A walkway leads to the outdoor stone courtyard area with a fire pit. There, the view extends 40 miles to the north and for another 20 toward the coastal range. The 7-acre lake is stocked with bass and trout, and the Sweeneys will equip you with a fly rod, or send you out to hike the vineyards or bike on trails. Visitors can also sign up for a wine camp stay and help in the vineyard or winemaking task of the season.
If the name of the winery reflects local lore — the area has long been known as Cherry Hill, named for the Queen Anne cherries which had replaced an even earlier prune crop — the signs along the one-mile gravel driveway up to the winery reveal the Sweeneys’ sense of playfulness. There’s a 14-mile-per-hour speed limit sign as well as the apropos “Cabernet-free Zone” warning. Everyone’s favorite though, is the admonishment, “If you drink no noir, you Pinot Noir.”
Celebrating the First Release
As marvelous as the Cherry Hill property is, the smashing success of its very first vintage release is the best part of the story.
Following up on the Sweeneys’ well-selected vinestock and careful vineyard management, Cherry Hill’s winemaker Chris Luby made the winery’s first estate wines from the 2003 harvest — the Cherry Hill Pinot Noir, the Sweeney Pinot Noir and its Papillon Pinot Noir. In spite of the young vines and a challenging vintage year, the Sweeneys’ handcrafted wines debuted this year to impressive reviews.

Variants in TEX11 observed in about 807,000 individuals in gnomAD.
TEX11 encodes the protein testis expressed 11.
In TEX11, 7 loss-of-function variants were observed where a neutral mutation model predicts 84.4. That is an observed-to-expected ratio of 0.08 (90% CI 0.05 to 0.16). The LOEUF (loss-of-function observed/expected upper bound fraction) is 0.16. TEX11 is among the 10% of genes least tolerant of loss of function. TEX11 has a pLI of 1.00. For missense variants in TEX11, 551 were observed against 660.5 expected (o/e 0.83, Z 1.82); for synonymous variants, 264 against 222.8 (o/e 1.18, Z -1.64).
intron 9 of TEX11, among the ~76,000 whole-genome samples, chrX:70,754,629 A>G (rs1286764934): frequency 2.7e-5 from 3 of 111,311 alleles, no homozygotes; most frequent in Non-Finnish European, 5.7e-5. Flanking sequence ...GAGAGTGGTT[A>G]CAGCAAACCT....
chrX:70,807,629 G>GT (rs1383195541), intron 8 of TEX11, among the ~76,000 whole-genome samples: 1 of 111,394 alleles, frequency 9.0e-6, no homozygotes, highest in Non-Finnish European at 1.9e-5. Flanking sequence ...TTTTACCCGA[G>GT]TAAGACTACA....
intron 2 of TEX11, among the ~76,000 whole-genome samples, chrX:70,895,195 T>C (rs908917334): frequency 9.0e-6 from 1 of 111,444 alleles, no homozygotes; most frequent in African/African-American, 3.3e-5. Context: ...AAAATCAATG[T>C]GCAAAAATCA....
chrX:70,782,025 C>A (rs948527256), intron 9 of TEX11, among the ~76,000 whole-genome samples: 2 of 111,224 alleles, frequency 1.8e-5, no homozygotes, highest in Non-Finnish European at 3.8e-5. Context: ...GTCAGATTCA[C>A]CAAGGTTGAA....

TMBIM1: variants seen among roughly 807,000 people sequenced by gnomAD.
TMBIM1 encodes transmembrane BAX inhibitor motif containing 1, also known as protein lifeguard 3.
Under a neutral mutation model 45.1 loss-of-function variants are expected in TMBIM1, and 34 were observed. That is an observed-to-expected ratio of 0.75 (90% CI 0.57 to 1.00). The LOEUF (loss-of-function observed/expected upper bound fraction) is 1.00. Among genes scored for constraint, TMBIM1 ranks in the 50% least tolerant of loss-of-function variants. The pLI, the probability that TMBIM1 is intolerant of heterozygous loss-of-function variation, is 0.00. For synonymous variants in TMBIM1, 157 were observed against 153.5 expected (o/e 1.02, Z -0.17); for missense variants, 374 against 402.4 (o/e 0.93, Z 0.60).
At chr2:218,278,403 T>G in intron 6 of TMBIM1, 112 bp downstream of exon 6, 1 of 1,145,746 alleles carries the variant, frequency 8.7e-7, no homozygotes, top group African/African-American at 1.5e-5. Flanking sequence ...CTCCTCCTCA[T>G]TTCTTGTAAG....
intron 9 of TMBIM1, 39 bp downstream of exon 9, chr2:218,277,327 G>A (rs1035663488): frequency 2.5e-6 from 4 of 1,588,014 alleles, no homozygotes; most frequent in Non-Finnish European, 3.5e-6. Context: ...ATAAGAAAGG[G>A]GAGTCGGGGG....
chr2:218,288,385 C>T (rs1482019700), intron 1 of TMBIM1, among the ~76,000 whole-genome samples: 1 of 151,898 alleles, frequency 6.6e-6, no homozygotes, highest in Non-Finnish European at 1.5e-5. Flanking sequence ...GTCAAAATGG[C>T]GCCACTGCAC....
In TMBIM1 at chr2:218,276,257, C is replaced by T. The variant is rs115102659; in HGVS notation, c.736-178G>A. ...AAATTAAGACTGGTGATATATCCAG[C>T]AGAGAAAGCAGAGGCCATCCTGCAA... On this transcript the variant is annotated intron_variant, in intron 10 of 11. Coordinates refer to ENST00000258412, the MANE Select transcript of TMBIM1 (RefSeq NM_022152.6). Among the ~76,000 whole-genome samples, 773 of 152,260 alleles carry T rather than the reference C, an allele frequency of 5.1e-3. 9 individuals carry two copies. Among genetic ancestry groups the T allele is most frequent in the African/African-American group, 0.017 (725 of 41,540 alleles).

Each wine of the estate trio — the entire group has been described as “quite excellent” — presents a superb characterization of its particular clone of the Pinot Noir grape. The Pommard clone Cherry Hill, awarded a 91-point rating by Wine Spectator, shows itself as a delicate and elegant Pinot Noir that pairs fabulously with many foods. The Sweeney (Mike’s favorite and outstanding with salmon) is the estate’s reserve Pinot Noir. Crafted of 100 percent Pommard clone, it’s produced in very limited quantities and not available at the store level.
Papillon, made from the Dijon 115 and 113 clones, is the family’s biggest and boldest Pinot Noir. Think cherry and chocolate here and bring along a cigar with this one. The wonderful wine takes its name from the French breed of the Sweeneys’ dog, Miss Daisy, whose portrait is on the label.
More recognition for the winery’s first release came this past June. Cherry Hill Pinot Noir was featured as a main course wine at the Midsummer Eve Dinner at the James Beard House in New York City.
The Sweeneys Were Right
The Sweeneys were not only right on with their winemaking, it seems. They guessed right about visitors not wanting to leave their Cherry Hill home.
“This is what the Eola Hills’ wine industry is all about,” said Mike, smiling as we said goodbye. Things are simple, fresh and straightforward. “Jan and I want people to come out here and talk with each other and just enjoy.”
You won’t meet nicer hosts. And tell the Sweeneys you’re from Cleveland when you visit, because we bet you’ll be headed out to Oregon to see the ranch and taste their wines.
When you get there, remember one other thing. Just don’t ask for any Cabernet.
Check your neighborhood Heinen’s for the Sweeneys’ Cherry Hill Winery wines. See www.cherryhillwinery.com for more information on visiting the winery.